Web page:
• G01B2290/00Aspects of interferometers not specifically covered by any group under G01B9/02
    • G01B2290/70Using polarization in the interferometer

Abstract

An apparatus for measuring a layered object comprising a low coherence light source, a coherent light source, and an interferometer including a reference arm and a measurement arm. The reference arm is comprised of a first section of polarization maintaining optical fiber engaged with a first fiber stretcher. The measurement arm is comprised of a second section of polarization maintaining optical fiber engaged with a second fiber stretcher. The first and second fiber stretchers are driven so as to alternatingly vary the lengths of the first section of polarization maintaining optical fiber and the second section of polarization maintaining optical fiber, thereby causing interference signals with the low coherence light when the length of the reference arm is equal to the length of the measurement arm including the distance from the second section of polarization maintaining optical fiber to any of the surfaces of the layers of the object.

Description

CROSS-REFERENCE TO RELATED PATENT APPLICATIONS

This application claims priority from U.S. provisional patent Application No. 61/365,594 filed Jun. 19, 2010, the disclosure of which is incorporated herein by reference. This application is also related to commonly owned patent application Ser. No. 12/150,486 filed on Apr. 28, 2008, and issued as U.S. Pat. No. 7,884,946, the disclosure of which is incorporated herein by reference.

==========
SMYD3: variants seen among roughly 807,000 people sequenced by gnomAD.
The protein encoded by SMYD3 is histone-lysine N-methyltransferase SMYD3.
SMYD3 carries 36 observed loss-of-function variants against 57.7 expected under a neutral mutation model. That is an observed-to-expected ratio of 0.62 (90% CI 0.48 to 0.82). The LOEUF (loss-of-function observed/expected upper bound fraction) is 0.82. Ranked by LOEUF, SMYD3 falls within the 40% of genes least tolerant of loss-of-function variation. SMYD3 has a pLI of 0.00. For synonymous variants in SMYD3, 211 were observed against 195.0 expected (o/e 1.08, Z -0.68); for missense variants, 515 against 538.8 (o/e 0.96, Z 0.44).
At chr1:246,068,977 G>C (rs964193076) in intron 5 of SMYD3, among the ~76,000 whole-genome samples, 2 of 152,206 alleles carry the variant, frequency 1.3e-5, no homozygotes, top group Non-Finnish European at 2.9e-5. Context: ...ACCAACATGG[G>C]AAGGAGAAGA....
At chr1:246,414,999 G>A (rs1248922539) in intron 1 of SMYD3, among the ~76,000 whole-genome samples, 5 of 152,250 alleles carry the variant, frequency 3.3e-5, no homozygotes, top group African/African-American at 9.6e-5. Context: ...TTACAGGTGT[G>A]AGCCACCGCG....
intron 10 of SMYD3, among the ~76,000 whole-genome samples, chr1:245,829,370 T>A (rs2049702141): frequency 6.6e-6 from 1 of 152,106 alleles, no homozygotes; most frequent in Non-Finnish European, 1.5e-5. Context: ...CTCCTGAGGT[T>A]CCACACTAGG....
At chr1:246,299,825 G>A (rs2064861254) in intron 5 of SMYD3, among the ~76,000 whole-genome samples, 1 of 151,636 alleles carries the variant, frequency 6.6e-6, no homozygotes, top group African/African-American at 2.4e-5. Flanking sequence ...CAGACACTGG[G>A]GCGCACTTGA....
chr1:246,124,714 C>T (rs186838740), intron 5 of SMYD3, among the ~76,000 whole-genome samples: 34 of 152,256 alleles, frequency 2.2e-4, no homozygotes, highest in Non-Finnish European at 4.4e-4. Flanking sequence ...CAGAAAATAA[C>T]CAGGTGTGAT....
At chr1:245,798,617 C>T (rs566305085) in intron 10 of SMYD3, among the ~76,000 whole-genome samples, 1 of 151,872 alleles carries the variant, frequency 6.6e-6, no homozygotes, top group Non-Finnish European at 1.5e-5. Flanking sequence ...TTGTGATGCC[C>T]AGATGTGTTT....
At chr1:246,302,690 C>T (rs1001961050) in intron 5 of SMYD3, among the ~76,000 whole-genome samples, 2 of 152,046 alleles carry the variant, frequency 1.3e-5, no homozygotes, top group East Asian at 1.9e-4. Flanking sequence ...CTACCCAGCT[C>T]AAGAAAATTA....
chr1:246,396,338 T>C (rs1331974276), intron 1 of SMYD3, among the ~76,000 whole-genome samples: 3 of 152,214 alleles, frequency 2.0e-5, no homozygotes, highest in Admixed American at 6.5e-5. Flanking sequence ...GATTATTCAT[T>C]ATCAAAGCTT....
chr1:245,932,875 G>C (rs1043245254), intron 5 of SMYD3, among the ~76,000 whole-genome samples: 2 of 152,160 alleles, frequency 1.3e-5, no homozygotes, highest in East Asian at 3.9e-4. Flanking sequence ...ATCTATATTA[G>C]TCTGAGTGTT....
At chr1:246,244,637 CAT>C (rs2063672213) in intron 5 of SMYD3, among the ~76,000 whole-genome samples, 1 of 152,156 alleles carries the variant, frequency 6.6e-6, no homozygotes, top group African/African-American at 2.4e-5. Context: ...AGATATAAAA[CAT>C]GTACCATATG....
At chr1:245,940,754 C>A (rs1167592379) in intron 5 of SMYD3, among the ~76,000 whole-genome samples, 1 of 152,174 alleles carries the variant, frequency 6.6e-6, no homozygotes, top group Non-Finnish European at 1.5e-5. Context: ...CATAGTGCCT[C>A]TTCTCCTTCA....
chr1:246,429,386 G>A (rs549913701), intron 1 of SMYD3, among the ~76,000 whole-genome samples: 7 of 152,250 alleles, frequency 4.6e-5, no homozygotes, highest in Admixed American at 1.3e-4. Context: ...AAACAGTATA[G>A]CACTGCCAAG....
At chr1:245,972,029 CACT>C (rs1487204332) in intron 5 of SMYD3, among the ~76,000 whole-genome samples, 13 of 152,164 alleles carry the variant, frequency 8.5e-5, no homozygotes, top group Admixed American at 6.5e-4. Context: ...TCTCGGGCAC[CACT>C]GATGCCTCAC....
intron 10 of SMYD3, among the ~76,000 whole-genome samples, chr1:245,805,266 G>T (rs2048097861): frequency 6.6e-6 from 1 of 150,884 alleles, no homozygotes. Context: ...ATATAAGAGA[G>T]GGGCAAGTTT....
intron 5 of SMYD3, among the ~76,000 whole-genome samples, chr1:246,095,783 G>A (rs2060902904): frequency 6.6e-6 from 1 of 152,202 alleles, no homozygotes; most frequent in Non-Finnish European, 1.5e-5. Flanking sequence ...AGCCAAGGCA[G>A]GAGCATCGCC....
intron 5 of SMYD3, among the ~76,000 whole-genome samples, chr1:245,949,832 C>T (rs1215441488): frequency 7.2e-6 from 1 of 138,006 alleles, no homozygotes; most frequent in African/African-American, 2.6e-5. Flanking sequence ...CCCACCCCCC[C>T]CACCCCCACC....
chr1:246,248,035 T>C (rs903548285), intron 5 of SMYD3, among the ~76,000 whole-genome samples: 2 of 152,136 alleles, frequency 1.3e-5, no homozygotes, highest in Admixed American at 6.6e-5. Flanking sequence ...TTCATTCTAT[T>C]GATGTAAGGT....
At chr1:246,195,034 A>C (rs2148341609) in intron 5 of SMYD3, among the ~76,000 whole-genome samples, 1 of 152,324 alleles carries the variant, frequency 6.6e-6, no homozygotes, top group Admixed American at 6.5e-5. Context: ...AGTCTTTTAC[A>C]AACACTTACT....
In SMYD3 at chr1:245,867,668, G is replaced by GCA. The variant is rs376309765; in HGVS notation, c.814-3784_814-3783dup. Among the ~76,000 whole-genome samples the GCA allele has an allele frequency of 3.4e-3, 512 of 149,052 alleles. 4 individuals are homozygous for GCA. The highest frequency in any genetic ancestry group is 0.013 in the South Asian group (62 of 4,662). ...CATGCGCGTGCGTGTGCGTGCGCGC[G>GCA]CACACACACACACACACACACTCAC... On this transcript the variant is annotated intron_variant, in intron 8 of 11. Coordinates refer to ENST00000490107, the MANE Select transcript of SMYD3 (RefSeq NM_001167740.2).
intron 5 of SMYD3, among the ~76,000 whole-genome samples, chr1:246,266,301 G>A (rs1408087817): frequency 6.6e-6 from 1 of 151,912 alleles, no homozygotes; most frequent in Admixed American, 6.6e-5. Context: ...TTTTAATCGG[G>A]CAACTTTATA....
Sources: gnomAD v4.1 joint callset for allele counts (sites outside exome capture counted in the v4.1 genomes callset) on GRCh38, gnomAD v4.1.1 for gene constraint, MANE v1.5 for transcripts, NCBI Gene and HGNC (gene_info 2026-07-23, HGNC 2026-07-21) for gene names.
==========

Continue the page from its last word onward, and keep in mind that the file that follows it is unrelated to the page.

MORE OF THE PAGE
STATEMENT REGARDING FEDERALLY SPONSORED RESEARCH OR DEVELOPMENT

This invention was made with United States Government support. The U.S. Government has a paid-up license in this invention and the right under limited circumstances to require the patent owner to license others on reasonable terms as provided for by the terms of contract number 0923963 awarded by the National Science Foundation.

BACKGROUND

1. Field of the Invention

Apparatus for measuring the axial length of the human eye or another layered object, and more particularly, interferometric apparatus for measuring the axial length of the human eye with high precision and high speed.

2. Description of Related Art

The United States population of people over 65 years old is expected to exceed 70 million in 2030. World populations of the elderly are increasing at a similar rate. Accordingly, there is a significant and growing need for tools to treat the high incidence of eye diseases and related problems that are expected within that demographic. Cases of diabetic retinopathy, glaucoma, macular degeneration, and cataract disease will likely climb tremendously in the next few decades. Information about the structure of the eye is required in surgeries for these diseases, and in surgeries that deal with replacement of the crystalline lens of the eye. Choosing a correct intraocular lens (IOL) is a crucial step in this procedure.

The choice of an optically correct intraocular lens requires detailed knowledge of the precise geometry of the particular eye. This in turn requires an apparatus and method for precise and accurate measurement of eye geometry. One technique that can be used to measure a layered structure is long-range time-domain low-coherence interferometry (TD-LCI). TD-LCI is used in many fields such as microscopy, sensing applications, and quality control in semiconductor manufacturing and other industries.

The eye is a layered structure. However, heretofore the use of TD-LCI in the measurement of the distances between optical interfaces inside a human eye has been limited due to its slow measurement speed, low range and low sensitivity. In attempting to measure the geometry of an eye using TD-LCI, measurement speed defines the accuracy of the method since the measurements are performed on a live patient's eye, which is subject to a small jitter. Additionally, high measurement sensitivity is required to detect weak scattering from the tissue-liquid interfaces within the eye.